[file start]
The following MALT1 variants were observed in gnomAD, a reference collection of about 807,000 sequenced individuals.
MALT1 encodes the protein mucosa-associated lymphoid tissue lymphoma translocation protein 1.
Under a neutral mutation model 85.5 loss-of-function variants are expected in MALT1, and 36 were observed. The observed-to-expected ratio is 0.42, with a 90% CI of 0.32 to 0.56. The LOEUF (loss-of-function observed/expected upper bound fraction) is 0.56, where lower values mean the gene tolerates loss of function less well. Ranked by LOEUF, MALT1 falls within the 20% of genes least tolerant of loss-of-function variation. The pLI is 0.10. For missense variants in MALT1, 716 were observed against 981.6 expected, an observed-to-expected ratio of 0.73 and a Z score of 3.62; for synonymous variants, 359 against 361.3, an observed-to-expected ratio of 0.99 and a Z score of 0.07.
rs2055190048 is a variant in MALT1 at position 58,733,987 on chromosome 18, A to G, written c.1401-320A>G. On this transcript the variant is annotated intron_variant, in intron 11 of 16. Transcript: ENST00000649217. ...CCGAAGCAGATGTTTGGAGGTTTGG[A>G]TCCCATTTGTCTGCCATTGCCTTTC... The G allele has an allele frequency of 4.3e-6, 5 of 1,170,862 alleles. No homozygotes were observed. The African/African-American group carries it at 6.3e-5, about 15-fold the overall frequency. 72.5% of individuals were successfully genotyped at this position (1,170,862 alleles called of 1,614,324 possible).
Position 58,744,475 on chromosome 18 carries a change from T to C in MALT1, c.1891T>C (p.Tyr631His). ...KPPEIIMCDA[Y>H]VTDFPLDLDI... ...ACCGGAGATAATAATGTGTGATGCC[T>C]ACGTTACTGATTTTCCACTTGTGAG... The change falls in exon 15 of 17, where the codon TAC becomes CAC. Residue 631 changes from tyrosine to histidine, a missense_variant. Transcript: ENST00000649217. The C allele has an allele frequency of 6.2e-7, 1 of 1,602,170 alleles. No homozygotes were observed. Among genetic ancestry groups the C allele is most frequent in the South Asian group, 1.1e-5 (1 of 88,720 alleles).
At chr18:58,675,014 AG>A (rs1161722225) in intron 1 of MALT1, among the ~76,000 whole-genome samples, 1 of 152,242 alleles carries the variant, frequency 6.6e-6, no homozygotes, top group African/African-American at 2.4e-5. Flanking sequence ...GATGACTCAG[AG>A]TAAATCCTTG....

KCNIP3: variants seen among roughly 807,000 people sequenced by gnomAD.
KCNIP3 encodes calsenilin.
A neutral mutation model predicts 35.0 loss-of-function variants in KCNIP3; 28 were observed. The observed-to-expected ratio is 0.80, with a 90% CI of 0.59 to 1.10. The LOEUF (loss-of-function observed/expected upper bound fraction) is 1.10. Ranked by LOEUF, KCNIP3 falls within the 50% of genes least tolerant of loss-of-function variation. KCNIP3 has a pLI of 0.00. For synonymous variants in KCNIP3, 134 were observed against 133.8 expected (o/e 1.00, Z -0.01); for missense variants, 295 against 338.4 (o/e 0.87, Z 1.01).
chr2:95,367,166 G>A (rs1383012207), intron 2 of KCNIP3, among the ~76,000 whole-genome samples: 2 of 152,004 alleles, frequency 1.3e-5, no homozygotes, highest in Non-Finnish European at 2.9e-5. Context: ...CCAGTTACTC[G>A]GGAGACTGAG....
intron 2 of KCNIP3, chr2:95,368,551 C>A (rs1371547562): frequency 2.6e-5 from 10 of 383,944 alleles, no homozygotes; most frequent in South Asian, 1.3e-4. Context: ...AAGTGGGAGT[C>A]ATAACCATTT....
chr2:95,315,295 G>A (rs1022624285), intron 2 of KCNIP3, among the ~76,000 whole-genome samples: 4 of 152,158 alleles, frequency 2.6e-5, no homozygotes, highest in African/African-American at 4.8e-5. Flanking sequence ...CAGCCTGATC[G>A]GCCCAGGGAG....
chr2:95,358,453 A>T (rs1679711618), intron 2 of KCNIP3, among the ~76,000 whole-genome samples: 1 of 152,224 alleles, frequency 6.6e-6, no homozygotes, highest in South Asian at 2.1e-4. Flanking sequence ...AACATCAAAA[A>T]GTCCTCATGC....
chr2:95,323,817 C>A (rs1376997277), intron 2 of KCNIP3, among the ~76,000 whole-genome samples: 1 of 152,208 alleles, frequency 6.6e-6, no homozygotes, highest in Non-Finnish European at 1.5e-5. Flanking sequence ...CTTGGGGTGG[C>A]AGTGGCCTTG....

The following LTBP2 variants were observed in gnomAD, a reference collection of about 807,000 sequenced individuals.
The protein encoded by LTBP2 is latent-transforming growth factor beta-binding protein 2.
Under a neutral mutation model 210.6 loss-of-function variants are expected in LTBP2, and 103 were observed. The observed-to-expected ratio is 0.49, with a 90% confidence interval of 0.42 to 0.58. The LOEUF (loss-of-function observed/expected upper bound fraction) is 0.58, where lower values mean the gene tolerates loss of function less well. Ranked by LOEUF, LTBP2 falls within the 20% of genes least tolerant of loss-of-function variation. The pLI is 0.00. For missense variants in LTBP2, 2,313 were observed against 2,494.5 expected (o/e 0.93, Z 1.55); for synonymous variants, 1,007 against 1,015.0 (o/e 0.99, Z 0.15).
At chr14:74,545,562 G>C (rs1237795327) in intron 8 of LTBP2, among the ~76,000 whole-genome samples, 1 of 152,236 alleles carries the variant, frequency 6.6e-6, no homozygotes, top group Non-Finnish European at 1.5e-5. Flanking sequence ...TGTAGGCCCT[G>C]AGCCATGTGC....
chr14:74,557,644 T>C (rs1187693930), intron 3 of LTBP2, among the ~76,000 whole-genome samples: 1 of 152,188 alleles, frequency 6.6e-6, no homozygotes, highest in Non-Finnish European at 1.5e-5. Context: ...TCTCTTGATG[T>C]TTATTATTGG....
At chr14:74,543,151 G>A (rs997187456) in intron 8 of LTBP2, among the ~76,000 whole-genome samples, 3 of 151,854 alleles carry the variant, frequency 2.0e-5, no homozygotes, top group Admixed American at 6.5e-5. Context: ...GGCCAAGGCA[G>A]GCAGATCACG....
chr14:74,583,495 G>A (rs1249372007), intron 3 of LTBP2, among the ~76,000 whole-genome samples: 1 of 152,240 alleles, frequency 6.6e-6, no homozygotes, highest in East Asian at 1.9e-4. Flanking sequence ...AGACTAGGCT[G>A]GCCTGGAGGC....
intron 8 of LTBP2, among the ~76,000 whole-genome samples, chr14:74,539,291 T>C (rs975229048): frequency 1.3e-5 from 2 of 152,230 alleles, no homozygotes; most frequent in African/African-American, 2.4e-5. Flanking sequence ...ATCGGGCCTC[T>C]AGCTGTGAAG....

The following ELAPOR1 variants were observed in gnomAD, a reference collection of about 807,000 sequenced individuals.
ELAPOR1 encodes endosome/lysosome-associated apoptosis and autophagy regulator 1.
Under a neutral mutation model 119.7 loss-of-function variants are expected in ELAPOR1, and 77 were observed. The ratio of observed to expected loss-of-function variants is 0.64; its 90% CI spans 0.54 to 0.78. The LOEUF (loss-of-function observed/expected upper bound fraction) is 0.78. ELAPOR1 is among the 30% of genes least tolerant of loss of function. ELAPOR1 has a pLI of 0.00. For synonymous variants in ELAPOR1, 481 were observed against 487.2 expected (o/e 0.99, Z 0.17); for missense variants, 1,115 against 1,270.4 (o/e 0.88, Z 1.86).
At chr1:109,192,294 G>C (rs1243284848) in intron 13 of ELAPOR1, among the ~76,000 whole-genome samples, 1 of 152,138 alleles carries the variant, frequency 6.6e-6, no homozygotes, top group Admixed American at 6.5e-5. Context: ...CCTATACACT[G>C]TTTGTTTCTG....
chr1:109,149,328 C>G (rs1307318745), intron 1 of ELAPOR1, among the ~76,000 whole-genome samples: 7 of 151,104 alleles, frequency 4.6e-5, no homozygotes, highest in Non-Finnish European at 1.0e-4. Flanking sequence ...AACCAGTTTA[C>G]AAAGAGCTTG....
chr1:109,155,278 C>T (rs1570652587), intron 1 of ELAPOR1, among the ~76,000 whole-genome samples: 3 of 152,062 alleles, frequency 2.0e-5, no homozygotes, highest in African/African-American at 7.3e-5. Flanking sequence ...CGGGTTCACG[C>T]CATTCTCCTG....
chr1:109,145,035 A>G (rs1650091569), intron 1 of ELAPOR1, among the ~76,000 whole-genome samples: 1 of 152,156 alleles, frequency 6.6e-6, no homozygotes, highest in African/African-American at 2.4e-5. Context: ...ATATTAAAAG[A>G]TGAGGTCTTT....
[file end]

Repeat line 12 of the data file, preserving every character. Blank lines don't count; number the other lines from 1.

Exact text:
chr2:95,315,295 G>A (rs1022624285), intron 2 of KCNIP3, among the ~76,000 whole-genome samples: 4 of 152,158 alleles, frequency 2.6e-5, no homozygotes, highest in African/African-American at 4.8e-5. Flanking sequence ...CAGCCTGATC[G>A]GCCCAGGGAG....